Roche Summit 2011: SUM Thoughts.
What should have been a fun business trip ended up being a big ol' mess. Here's my attempted recap:
On Wednesday, I flew out to San Diego for the Roche Social Media Summit and then the ADA Scientific Sessions Conference. On Thursday, I attended the first day of the Roche Summit. On Friday, my cornea tore again (almost as fiercely as the first time) and I spent the day hiding in my hotel room, freaking out from the pain, and trying to get home to RI sooner. And on Saturday, I made the long trek home.
So please forgive me for the bullet list recap, but I'm still regrowing my eyeball. (More on that later.)
- Seeing my fellow diabetes bloggers and advocates is always the highlight of this summit. I can't lie about that. Walking into a room and wanting to hug everyone in it is a rare thing.
- However, since this was the third Roche Summit I've attended, I sort of wanted to hug the Roche people, too. Todd and Rob are dedicated to this community, and they have never once tried to "hard sell me" on using their company's products. Instead, they seem like they are happy to learn from our perspectives as people with diabetes. I appreciate that openness. (However, I missed seeing Lisa this year. We missed you, Lisa!)
- The agenda included hearing from the International Diabetes Federation, and the CEO of the JDRF. Both the IDF and the JDRF are organizations I support wholeheartedly, but hearing from their leaders ignited a fire under me once again. I hate to say "more on this later," but ... um, more on this later. (The agenda also included Dr. William Polonsky, but he spoke on the day I missed due to eye trouble, so I'll have to rely on my fellow summit attendees to recap that one. I'm sure it was brilliant, though. He's always brilliant. Guy totally "gets it.")
- We also, in smaller groups, talked about ways to move the DOC forward. The group I was part of discussed partnerships between patients and companies, and our end-result idea was a sort of guidebook to set forth the rules of engagement. From my perspective, each person and company has an obligation to disclose a certain amount of information and to set personal expectations (i.e. "don't contact me for PR pitches" or "this blog does do product reviews" and of course "Hi, I'm So-and-So and I work for Diabetes Company X") to help move the community towards a greater good (which, as defined by me, is having higher quality information reach the less net-connected masses). The online community has impacted how I handle my health tremendously, and I would love for our community to be able to access more rural areas.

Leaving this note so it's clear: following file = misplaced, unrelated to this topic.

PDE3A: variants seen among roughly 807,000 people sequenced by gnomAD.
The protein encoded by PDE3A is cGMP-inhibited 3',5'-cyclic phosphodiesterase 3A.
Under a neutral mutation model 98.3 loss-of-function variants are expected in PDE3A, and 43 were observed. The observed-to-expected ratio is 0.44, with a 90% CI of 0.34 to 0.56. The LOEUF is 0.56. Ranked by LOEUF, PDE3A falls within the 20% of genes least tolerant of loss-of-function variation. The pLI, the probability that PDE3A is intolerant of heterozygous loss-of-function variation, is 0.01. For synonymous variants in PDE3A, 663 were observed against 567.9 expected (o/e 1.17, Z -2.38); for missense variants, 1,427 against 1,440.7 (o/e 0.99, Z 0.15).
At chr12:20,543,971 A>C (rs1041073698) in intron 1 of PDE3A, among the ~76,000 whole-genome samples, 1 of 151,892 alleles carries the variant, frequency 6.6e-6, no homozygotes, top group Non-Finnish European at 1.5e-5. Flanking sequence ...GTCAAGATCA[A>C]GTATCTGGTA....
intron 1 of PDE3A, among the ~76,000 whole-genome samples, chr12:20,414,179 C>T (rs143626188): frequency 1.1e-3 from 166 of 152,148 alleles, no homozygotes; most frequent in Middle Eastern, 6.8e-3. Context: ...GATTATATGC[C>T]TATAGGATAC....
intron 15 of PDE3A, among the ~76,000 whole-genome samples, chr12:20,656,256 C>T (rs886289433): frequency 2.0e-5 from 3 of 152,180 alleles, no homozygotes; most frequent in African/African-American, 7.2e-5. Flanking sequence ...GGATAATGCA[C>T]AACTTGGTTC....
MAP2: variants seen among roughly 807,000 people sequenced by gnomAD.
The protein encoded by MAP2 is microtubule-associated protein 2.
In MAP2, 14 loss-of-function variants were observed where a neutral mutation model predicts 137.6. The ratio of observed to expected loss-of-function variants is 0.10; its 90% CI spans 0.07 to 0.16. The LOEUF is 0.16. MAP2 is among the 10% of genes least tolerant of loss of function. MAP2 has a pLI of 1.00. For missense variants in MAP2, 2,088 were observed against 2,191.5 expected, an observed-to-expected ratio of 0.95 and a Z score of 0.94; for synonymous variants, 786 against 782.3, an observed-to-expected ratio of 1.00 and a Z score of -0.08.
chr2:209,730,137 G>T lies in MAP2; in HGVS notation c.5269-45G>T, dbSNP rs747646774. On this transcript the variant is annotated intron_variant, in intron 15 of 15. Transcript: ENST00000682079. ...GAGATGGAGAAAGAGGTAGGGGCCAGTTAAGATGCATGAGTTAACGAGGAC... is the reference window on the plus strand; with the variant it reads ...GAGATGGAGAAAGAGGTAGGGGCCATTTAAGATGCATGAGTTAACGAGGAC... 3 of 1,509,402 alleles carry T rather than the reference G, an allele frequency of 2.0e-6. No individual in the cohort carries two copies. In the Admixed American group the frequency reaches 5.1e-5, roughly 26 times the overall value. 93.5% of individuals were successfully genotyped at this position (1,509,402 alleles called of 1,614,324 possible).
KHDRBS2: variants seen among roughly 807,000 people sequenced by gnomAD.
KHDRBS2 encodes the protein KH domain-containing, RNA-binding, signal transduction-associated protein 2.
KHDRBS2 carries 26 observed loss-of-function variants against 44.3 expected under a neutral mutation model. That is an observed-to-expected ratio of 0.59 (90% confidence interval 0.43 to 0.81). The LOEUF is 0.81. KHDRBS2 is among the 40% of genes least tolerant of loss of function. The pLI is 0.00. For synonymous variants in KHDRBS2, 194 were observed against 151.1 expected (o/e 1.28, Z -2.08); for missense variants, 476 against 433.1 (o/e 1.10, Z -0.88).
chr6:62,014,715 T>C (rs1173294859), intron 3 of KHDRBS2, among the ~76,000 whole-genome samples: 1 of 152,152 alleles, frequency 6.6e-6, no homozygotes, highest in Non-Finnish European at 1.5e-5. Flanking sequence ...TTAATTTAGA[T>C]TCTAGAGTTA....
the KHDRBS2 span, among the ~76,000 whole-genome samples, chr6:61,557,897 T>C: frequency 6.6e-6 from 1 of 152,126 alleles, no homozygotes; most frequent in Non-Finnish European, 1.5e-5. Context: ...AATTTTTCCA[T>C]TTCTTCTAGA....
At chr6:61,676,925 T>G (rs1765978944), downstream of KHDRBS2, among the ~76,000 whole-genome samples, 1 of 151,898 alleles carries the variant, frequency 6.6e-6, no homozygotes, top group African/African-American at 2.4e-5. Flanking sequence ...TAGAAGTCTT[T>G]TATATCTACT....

- There was also a photo moment in the lobby of the Hard Rock hotel, where all 37 (I think?) of us gathered to grin and then get goofy for a minute. Evidence:
- The best part about this Summit is that it's the opposite of that "Vegas" mentality; what happens here is supposed to leave with us. Whether the focus is on the fellow advocates we spent time with, or our perceptions of Roche as a diabetes company, or on how much fun a night of bowling might happen to be, these experiences are okay to be shared. There aren't any secrets to be kept. Of course, if you're feeling skeptical, you might say, "But of course they [Roche] want you to blog about this Summit. Good press for them!" Good point, and true. But Roche also took a leap of faith by inviting us in the first place, and allowing us to report on any and everything about the Summit. They also didn't discriminate in who they invited (as in, they invited me, openly sponsored by both Animas and Dexcom but still invited by Roche). And most important, to me, anyway, is that they gave a few dozen bloggers the opportunity to have dinner together, in person. Our opinions aren't bought and sold, but it's hard not to appreciate a company that literally brings our community together once a year.
- And here's my disclosure, similar to last year's: Roche paid for my plane tickets to and from San Diego, and they also covered my hotel room on Wednesday and Thursday night. But they didn't hold me over a shark tank to gain input from me, and I am also still using my brain on my own, so basically they can only claim travel, food during the conference, and lodging. They also didn't ask us to blog about the event (even though they knew we would).